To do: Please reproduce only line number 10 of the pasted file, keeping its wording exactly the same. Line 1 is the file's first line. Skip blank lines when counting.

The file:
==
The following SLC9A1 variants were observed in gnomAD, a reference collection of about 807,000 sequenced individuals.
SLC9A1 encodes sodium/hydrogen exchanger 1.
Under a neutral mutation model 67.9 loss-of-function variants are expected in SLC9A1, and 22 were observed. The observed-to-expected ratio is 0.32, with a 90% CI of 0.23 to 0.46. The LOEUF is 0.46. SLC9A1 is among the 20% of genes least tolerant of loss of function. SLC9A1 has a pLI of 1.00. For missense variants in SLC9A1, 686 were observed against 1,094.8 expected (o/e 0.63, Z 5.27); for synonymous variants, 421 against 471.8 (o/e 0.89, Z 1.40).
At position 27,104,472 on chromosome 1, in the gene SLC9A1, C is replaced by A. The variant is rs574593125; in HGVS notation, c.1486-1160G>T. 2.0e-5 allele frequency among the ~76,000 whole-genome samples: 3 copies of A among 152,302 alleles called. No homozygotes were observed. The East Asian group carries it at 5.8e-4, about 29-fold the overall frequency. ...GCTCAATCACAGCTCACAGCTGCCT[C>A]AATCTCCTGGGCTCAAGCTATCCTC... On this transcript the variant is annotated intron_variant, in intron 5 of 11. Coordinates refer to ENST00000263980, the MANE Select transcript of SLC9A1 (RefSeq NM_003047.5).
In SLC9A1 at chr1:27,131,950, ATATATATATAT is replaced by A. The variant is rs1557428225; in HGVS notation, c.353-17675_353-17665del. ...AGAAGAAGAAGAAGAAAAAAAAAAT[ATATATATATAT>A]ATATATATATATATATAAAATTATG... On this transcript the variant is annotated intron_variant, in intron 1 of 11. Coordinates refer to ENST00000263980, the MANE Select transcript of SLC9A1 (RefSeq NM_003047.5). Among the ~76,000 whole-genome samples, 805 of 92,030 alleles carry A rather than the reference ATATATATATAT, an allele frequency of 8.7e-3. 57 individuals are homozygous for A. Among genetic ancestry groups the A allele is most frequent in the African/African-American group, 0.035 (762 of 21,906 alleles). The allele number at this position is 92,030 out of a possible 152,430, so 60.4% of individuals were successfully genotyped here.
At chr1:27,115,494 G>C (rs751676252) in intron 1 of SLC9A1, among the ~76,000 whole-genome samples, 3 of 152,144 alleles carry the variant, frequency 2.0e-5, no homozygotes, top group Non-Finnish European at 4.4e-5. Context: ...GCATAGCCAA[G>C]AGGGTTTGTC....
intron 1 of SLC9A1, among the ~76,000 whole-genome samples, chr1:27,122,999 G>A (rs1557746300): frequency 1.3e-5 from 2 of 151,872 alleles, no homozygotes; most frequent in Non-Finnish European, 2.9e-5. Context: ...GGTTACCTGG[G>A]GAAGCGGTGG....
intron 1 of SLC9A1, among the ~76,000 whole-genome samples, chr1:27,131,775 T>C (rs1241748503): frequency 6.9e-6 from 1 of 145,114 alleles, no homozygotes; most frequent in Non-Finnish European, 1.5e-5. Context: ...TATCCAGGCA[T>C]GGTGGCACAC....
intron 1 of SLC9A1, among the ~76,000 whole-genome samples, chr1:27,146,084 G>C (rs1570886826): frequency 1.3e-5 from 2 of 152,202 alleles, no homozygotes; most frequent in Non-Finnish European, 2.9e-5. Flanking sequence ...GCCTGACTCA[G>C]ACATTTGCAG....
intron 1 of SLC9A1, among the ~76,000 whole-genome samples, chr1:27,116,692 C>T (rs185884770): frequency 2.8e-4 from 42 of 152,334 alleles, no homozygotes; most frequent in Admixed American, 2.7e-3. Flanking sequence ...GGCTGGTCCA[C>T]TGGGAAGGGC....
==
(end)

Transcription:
intron 1 of SLC9A1, among the ~76,000 whole-genome samples, chr1:27,116,692 C>T (rs185884770): frequency 2.8e-4 from 42 of 152,334 alleles, no homozygotes; most frequent in Admixed American, 2.7e-3. Flanking sequence ...GGCTGGTCCA[C>T]TGGGAAGGGC....